In T. S. Eliot’s poem, “The Love Song of J. Alfred Prufrock,” Prufrock says “I grow old … Do I dare to eat a peach?” To which I reply, why the heck not? Unless you’re worried about juice dribbling down your chin or, in a senior moment, forgetting not to swallow the pit. Which would lead to embarrassment. Or death. Options available to anyone under any circumstances, regardless of age. There are two sides (and often more) to most situations, including getting older. Forthwith:
CON: You become invisible.
PRO: You become invisible.
CON: You are bedeviled by insomnia. You’re not coming back from a party or an evening out at 2:34 a.m. You are staring at the numbers on the clock by your bed.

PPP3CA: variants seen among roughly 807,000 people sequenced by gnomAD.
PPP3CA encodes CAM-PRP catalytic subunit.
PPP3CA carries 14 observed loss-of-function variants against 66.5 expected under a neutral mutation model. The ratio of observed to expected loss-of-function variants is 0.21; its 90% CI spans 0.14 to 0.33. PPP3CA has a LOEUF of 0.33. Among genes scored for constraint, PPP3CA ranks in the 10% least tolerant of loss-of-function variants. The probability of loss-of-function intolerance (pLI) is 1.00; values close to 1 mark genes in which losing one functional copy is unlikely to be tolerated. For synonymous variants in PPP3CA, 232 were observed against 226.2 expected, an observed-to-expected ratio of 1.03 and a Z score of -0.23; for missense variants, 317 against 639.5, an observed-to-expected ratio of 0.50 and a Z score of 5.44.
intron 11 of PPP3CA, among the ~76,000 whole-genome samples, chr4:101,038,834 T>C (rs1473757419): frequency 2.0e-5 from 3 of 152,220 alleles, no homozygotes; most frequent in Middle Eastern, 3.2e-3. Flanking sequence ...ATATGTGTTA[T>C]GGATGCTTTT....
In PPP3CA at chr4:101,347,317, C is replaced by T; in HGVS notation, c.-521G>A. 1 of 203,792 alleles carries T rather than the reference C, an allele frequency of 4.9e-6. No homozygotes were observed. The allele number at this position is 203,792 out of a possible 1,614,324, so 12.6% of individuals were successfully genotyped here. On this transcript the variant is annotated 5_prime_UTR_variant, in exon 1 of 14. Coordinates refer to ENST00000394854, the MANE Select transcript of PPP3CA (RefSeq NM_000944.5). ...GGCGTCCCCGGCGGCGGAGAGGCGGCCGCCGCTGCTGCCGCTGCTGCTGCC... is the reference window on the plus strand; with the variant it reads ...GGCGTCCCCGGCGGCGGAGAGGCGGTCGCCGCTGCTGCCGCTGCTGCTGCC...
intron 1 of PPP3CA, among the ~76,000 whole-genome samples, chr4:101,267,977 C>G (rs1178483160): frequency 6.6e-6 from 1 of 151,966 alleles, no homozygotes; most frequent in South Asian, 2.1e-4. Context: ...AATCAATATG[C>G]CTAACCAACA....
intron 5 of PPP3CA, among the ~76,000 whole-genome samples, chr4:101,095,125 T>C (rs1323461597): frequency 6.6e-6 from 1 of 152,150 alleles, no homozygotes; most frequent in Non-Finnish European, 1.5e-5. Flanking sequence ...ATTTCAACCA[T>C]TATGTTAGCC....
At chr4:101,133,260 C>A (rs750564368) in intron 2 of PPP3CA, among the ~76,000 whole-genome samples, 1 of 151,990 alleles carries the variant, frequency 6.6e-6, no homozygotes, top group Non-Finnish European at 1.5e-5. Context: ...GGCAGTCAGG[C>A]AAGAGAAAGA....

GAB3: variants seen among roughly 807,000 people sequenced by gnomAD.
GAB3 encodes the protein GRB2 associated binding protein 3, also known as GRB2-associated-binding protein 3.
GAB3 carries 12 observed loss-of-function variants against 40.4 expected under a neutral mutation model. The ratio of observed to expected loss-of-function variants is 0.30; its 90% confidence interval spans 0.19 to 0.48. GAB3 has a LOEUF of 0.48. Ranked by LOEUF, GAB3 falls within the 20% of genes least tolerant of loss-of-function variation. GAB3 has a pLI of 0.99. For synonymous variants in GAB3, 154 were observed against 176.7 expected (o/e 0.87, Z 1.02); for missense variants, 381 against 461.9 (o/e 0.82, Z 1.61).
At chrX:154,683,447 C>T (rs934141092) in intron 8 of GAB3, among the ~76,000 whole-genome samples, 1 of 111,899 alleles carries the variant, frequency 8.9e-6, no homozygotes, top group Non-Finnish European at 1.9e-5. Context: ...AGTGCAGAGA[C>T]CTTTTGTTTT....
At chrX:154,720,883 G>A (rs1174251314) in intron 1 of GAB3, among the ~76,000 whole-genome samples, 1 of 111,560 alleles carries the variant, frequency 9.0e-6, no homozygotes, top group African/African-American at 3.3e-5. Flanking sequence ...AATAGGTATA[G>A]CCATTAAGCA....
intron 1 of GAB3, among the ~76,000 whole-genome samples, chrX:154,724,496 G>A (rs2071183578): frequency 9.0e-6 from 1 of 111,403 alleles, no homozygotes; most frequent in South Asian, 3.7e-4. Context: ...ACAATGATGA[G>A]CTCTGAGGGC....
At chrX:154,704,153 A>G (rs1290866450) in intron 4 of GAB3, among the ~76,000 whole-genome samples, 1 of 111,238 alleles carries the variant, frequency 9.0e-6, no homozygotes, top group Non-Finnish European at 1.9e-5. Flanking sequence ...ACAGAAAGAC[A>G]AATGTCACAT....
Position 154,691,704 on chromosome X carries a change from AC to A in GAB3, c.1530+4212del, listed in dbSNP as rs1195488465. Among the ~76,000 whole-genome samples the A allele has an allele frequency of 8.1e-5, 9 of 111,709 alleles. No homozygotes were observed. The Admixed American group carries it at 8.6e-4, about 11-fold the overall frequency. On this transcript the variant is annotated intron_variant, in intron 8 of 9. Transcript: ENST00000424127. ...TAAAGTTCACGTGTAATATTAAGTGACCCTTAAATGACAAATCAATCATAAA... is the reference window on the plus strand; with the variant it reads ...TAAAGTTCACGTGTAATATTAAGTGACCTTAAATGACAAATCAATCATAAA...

PRO: Well, you are getting closer to the grave with each passing day, headed for the eternal sleep, so maybe a little less shut eye isn’t such a bad idea.
It’s the little things in life, the small pleasures, that make quotidian life a joy. A hot cup of coffee thick with cream, the smell of spring grass, waking up to the drum of rain on the roof in the middle of the night.
There’s a great scene in Woody Allen’s film “Hannah and Her Sisters,” when, faced with the possibility of a terminal disease, he reasons to himself, “How can I die? I’m surrounded by people and cars and restaurants?”
Eating in a restaurant is a life-affirming experience?
Actually – yeah.
No matter how my financial status has changed over the years, from a poor student in a work-study program to a woman in a comfortable middle-class home, eating out has always felt like splurging. I love to cook, but having someone else prepare and clean up after a meal is a delightful luxury. As long as this indulgent experience is available, whether it’s a cheap...